The complete text of the news report can be found at

Notification of the above news items was received via NewsIndex

For Polio eradication and vaccine related resources see our directory Polio Virus, Vaccine and Eradication

[ Index ]

11th September 1999
Post-Polio on front cover of the Nursing Times, a UK weekly publication.

Nursing Times Front Cover

The September 8th edition of the Nursing Times, published weekly in the UK, contains a four page spread under the main title "Polio strikes back" . The opening article by Marsh Gelbart looks at the history of the polio epidemics and the development of care. It is followed by a second article, also by Marsh Gelbart entitled "The sting in the tale". It is subtitled "People who have spent decades overcoming the legacy of polio are now facing new battles, says Marsh Gelbart."

We have obtained permission to reproduce the articles in the Lincolnshire Post-Polio Library and when they are available a link will be added to this news item. However, the last paragraph of the second article deserves a special quote. It needs no further explanation.

The core of health professionals who understand the specific problems associated with polio are retired or have died. Consequently it has been difficult for polio survivors with PPS to have the severity of their condition accurately assessed and to access appropriate assistance. We must listen to those affected: they often have a better understanding of their condition than health professionals.

Last and by no means least, accompanying the articles is an inset describing the particular problems confronted by Polio Survivor Len van Zyl. Len is a member of the Lincolnshire Post-Polio Network.

According to the Audit Bureau of Circulations, for the period 01-Jul-1997 to 30-Jun-1998 (1998-1999 figures are still to be certified), the averge weekly net circulation of the Nursing Times was 68,482 of which 65,296 were distributed in the UK. A significant number of copies appear to be sold via newsagents so NewsBites readers in the UK may be able to buy a copy. Although the publishers, EMAP, have a web site,, Nursing Times content is not published on their site.

[ Index ]

5th September 1999
Polio Eradication Roundup.

Africa News Online (The Post of Zambia): All is set for Polio immunisation.

August 19, 1999.

In Africa News Online ( Reuben Phiri of The Post of Zambia (Lusaka) reports:

All is set for the round two Polio Immunisation Programme which kicks off tomorrow, said Central Board of Health (CBOH) director general Dr Gavin Silwamba yesterday.

Dr Silwamba said all logistics were in place both in terms of vaccines, antigens and personnel to carry out the exercise.

Everything is settled and this year we are targeting 36 districts in the country, said Dr Silwamba.

He said the selected districts include those which share borders with Angola and the Democratic Republic of Congo because the two countries have had some reported incidences of polio.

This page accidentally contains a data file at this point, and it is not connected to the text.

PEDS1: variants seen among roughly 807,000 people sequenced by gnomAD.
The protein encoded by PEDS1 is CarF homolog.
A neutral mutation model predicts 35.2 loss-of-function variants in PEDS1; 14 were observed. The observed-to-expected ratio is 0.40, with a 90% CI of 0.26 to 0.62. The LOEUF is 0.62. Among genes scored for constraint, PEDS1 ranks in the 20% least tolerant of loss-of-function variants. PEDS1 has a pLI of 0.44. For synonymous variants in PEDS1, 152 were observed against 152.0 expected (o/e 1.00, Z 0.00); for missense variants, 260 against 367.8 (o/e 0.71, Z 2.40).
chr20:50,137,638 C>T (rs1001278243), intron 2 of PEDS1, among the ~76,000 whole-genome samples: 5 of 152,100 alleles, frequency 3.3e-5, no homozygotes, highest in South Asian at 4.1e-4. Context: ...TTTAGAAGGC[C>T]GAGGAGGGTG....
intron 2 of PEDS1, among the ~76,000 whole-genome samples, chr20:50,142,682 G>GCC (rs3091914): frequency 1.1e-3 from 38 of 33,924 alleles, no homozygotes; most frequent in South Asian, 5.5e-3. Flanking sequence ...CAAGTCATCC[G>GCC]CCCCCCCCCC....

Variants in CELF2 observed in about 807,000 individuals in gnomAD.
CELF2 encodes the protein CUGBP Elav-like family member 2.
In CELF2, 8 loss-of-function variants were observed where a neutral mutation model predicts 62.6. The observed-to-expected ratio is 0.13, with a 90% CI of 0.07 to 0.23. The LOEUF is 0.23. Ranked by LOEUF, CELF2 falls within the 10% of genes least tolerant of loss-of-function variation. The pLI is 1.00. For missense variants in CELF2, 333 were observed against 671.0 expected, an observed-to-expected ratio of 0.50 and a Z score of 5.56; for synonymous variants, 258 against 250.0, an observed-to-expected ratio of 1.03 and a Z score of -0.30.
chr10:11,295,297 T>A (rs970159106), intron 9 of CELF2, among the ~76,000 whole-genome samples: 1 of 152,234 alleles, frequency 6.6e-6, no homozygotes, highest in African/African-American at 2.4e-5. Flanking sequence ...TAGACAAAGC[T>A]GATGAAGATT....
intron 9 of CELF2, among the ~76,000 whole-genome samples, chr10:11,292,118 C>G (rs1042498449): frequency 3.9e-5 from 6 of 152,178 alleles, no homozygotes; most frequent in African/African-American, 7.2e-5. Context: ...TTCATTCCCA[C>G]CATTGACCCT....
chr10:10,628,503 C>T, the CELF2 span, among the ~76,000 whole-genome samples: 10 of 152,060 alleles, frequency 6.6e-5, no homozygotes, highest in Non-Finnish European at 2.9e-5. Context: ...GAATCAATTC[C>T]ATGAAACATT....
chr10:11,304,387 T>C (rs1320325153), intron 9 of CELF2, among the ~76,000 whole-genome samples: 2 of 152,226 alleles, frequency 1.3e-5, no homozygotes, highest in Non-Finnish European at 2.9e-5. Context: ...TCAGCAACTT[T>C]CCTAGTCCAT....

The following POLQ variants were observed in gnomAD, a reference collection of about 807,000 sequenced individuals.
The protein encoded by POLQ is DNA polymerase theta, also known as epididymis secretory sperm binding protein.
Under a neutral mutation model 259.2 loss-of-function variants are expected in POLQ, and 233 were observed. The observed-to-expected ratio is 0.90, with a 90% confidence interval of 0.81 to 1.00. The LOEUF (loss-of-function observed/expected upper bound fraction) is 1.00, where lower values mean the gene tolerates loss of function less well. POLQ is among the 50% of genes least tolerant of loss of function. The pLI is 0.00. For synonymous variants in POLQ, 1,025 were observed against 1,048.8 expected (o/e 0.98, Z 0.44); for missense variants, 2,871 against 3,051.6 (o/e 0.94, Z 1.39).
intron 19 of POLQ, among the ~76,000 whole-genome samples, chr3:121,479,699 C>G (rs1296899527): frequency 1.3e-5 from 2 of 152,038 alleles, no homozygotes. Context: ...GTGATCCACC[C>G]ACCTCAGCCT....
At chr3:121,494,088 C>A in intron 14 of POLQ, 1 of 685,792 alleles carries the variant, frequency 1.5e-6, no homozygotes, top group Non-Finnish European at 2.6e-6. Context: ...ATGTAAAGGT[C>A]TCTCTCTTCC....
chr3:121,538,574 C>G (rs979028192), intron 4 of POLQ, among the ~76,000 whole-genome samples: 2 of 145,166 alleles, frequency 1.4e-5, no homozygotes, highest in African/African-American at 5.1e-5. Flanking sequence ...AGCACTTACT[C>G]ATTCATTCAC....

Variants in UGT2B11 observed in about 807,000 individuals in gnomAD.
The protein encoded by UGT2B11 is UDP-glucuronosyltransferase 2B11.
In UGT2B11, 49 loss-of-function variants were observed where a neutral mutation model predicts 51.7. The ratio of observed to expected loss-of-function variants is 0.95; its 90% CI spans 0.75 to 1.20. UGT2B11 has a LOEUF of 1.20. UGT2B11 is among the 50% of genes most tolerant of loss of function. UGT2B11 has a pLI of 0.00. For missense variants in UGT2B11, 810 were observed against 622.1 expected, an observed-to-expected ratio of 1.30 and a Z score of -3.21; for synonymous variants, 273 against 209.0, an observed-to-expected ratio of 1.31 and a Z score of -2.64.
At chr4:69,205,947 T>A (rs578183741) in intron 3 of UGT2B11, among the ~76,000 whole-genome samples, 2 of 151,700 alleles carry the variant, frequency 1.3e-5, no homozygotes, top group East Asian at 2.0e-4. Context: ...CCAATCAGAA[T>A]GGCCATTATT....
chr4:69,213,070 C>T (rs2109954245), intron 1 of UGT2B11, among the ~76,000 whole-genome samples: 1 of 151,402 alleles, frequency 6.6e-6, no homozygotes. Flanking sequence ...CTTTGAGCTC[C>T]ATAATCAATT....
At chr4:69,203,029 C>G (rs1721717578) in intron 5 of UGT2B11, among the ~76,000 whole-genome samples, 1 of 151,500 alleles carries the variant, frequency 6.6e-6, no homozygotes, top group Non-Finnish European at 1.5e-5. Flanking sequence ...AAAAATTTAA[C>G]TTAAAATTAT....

The complete text of the news report can be found at

Africa News Online (IRIN): WHO "amazed at turnout" for vaccination campaign.

August 23, 1999.

In Africa News Online ( the UN Integrated Regional Information Network (IRIN) reports:

WHO and UNICEF reported that 8.2 million polio vaccinations were carried out by over 75,000 volunteer vaccinators during last week's mass vaccination against the polio virus, and the figure should be closer to 9 million once complete data were available, officials said. Some 10 million children under the age of five had been targeted. "We have been amazed at the turnout. Mothers in every village have brought their children often walking several kilometres with their infants on their backs to get this precious vaccine", a WHO press release stated. DRC, with the most intense virus transmission in the world, was the single biggest priority for the global effort to eradicate polio, it added.

"Catch-up" campaign scheduled for Kisangani.

In Kisangani, 70 percent were reported to have been vaccinated, despite the outbreak of fighting between Rwandan and Ugandan forces, while mothers and children earlier trapped in vaccination clinics by the fighting had managed to return home, WHO reported, adding that an extra "catch-up" campaign targeting those children not yet reached was scheduled.

This item is delivered by the UN's IRIN humanitarian information unit (e-mail:; fax: +254 2 622129; Web:, but may not necessarily reflect the views of the United Nations. If you re-print, copy, archive or re-post this item, please retain this credit and disclaimer.

The complete text of the news report can be found at

Africa News Online (PANA): Refugees Hamper Zambia's Polio Eradication Drive.

August 25, 1999.

In Africa News Online ( Lewis Mwanangombe, PANA Correspondent reports from Lusaka:

Zambia's drive to banish poliomyelitis by 2000 has been slowed down by the continued arrival of batches of un-vaccinated children from war-torn Angola and the Democratic Republic of Congo.